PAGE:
Dave Woodhall talks to Dreadzone founder member Greg Dread.
Dreadzone are one of the most innovative British bands of modern times. Evolving from Big Audio Dynamite, they are celebrating twenty years together with a new album Escapade, and a tour that starts next week in Wolverhampton. We spoke to drummer Greg Dread and asked him if he was thinking of making a career with the band after all these years.
“I think there might be a chance of it now, after twenty years and seven albums and still going strong. The core are still together obviously because we were in BAD before and that was thirty years ago so it’s what we do and we do well. We’ve got a big catalogue, we’ve got the desire to step on stage, we’ve got a great band and always writing new stuff so yes, twenty years and we’re in the position now that the big success is not available to bands like us but we have longevity, we have a history and a back catalogue.”
It’s interesting that you talk about not being able to get success now. There are some bands who are still making great music but they’re so obviously bitter that times have changed and they’re not in the charts anymore.
“You can’t feel bitter about it, you’ve just got to be aware of the position. The charts are for other type of things, Saturday night X Factor pop or the new bands, so even if you make a great record people won’t take notice of it. We’ve got Mick Jones on our single which I think is great, we’ve got a great video for it, I think it’s one of the best things we’ve done since Little Britain, it’s not as major success but I’m glad we’ve done it.”
Dreadzone have constantly re-invented themselves over the years. Does our audience move with you, or do you find yourselves making new fans with every release?
“There’s always going to be people who say they loved (debut album) 360, we got people who preferred the chill-out stuff on Second Light, it’s a lot more dubby than earlier stuff, Once Upon a Time was much harder, and it just reflects who we are. You do feel you can move on, there’s always some catalyst for us to reinvent ourselves and the people who are in the band. Me and Tim wrote 360, Leo joined which helped for Second Light, then Tim went off and did something else, we did Biological Radio and that was different. Obviously losing my brother (guitarist Steve Roberts) in 2006, we had to rebuild after that so Eye on the Horizon in 2010 was a reflection of that and this new one is all about the great time we had playing again with with BAD in 2011, revisiting that era. It’s about the relationships from that time so there’s quite a lot of love, the kind of break-up tunes which isn’t the sort of thing we‘ve tackled before…I don’t like talking about it really, it’s not the best feeling to be able to be in a relationship then it finishes. You have to be able to purge yourself of everything by putting it all to music. It’s a great feeling.”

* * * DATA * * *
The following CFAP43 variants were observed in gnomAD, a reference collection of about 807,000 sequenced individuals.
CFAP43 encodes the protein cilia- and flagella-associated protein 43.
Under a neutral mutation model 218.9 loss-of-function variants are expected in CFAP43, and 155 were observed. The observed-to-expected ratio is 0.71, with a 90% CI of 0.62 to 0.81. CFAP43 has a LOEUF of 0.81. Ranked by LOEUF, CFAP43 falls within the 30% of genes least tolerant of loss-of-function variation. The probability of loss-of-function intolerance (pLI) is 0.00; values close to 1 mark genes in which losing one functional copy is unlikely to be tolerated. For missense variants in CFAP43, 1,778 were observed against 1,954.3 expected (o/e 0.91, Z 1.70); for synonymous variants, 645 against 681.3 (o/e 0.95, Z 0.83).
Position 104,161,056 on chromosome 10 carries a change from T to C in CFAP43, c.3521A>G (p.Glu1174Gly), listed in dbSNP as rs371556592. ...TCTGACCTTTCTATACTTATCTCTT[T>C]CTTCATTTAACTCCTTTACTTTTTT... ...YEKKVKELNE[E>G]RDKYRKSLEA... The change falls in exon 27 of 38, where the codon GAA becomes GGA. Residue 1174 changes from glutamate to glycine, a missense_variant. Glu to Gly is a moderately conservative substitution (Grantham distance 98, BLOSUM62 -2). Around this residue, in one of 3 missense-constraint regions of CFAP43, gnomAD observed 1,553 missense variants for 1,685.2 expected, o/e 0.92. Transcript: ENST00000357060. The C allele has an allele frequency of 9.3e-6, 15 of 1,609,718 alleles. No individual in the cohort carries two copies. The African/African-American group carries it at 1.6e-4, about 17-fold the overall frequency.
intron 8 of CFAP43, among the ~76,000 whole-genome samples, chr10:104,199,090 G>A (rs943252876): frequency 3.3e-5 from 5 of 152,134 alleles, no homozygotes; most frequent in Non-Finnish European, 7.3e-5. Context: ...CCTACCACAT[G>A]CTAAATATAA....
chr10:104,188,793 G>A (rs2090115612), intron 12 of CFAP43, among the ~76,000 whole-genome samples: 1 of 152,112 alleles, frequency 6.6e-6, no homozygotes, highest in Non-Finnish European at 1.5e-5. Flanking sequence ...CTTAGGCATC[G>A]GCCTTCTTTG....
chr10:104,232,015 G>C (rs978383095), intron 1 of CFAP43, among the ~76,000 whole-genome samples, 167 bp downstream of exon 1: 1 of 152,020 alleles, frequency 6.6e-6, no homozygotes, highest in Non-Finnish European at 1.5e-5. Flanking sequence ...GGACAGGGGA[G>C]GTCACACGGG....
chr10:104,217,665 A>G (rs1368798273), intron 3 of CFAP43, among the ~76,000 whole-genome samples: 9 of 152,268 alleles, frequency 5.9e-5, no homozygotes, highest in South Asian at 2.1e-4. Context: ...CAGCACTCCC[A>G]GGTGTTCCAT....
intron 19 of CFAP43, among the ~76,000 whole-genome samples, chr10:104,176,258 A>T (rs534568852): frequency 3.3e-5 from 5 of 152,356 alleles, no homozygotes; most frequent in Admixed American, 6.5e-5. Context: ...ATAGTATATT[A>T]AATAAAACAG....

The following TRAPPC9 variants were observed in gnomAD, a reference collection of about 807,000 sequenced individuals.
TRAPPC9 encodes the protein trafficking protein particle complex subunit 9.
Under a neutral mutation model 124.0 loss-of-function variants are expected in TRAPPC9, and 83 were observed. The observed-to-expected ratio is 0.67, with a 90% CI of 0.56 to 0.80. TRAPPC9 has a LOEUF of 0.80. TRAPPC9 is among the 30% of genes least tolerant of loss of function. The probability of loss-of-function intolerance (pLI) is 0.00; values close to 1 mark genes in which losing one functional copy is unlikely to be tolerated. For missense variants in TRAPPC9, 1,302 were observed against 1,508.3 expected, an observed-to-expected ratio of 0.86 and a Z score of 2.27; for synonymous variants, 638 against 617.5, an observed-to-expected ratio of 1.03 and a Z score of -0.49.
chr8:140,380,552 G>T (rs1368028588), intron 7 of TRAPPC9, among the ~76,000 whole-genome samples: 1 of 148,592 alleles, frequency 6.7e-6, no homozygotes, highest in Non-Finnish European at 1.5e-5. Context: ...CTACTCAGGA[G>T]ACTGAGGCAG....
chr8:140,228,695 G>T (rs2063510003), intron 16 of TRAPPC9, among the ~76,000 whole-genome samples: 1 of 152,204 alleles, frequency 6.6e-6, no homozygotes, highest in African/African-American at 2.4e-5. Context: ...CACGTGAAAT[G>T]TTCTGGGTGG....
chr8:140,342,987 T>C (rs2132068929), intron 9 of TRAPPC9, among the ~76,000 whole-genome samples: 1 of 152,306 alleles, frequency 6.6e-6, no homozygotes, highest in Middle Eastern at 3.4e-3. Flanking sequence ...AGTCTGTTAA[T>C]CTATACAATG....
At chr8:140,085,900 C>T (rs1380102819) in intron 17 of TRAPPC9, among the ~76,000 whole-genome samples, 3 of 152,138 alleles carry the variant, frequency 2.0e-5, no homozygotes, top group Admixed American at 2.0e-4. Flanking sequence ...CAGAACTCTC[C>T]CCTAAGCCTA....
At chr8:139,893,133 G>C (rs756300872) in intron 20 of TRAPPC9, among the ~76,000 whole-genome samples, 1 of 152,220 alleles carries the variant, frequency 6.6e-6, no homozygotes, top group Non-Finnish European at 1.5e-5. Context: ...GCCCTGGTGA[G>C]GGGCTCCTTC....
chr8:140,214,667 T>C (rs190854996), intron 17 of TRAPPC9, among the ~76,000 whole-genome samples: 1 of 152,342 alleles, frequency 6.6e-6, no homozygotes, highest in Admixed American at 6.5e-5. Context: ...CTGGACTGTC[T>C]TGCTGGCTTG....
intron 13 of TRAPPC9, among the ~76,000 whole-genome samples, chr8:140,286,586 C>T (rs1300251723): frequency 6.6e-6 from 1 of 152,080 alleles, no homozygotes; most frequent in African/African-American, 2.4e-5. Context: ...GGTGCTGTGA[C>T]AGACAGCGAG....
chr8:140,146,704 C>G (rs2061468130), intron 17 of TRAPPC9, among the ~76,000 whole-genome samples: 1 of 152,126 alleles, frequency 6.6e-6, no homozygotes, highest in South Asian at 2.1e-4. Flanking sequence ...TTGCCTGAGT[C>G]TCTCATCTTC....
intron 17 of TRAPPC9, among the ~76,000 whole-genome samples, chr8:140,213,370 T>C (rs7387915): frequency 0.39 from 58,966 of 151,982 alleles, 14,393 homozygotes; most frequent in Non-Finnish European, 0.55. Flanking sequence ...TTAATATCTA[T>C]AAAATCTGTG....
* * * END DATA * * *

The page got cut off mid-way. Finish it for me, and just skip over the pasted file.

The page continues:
You played the Undercover festival during the summer with a few old-school punk bands such as the Cockney Rejects and Chelsea. How did that go?
“A lot of our audience were there but I think the punks appreciated the connection to the Clash with Mick. We’ve got that attitude live so people, even if they don’t like what we’re doing, can appreciate that on stage there’s a real volatile energy there.”
It’s also true that people now are broader-minded and listen to a wider variety of music than they used to.
“The internet means that there are so many ways to listen and in particular the dance genre has expanded. In America they call it EDM which rather than being derogatory is a good way of channelling your music into a new market. I certainly listen to so much different stuff. Classic FM in the morning, film soundtracks, I have to listen to new stuff for my DJs sets. At the weekend I played Prague did a mix of different stuff, a sound system show of specials and remixes, break mixes, drum’n’bass, all kinds of stuff so we do mix it up a lot.”
You have Mick Jones playing on the new Too Late single.
“It was brilliant. We did the BAD thing and we were rehearsing at his studio, the Bunker. We plotted up in there, wrote and recorded the new album there. He was around a lot and we have that tune, with the Department S sample, and we got him to play on it and sing the backing vocals, we finally got him on a Dreadzone track after all these years.”
Do you get pissed off that interviewers always want to ask you about him?
“Not at all. I’m prepared to shout it to the world. He was a huge influence in my life, I was grateful for the chance to join BAD; when he was auditioning for the band a lot of musicians were big Clash fans in awe of him but I’d come from a different background, much more dance and reggae and we jelled instantly. He liked the fact that I brought those influences. He gave me a drum machine and from there I learned how to use keyboards and sequencers so five years later I was ready to start working on my own stuff. He’s been a big influence on me, it’s great to work with him again and we’re all still friends.” You have twenty years behind you, what more is there to come from Dreadzone? “I don’t want to lay out too much but we’ve got our own label so we’re probably going to repackage some of the older stuff, plus a live DVD. I’m working with a new project, house music with a few people and film soundtrack ideas. It’s a creative, productive time as regards the anniversary and all the stuff we can put out so we’re a very busy Dreadzone, and we’re going on tour this week starting In Wolverhampton.”
Dreadzome play the Slade Rooms, Wolverhampton on Thursday 10th October. The album Escapade is out now. www.dreadzone.com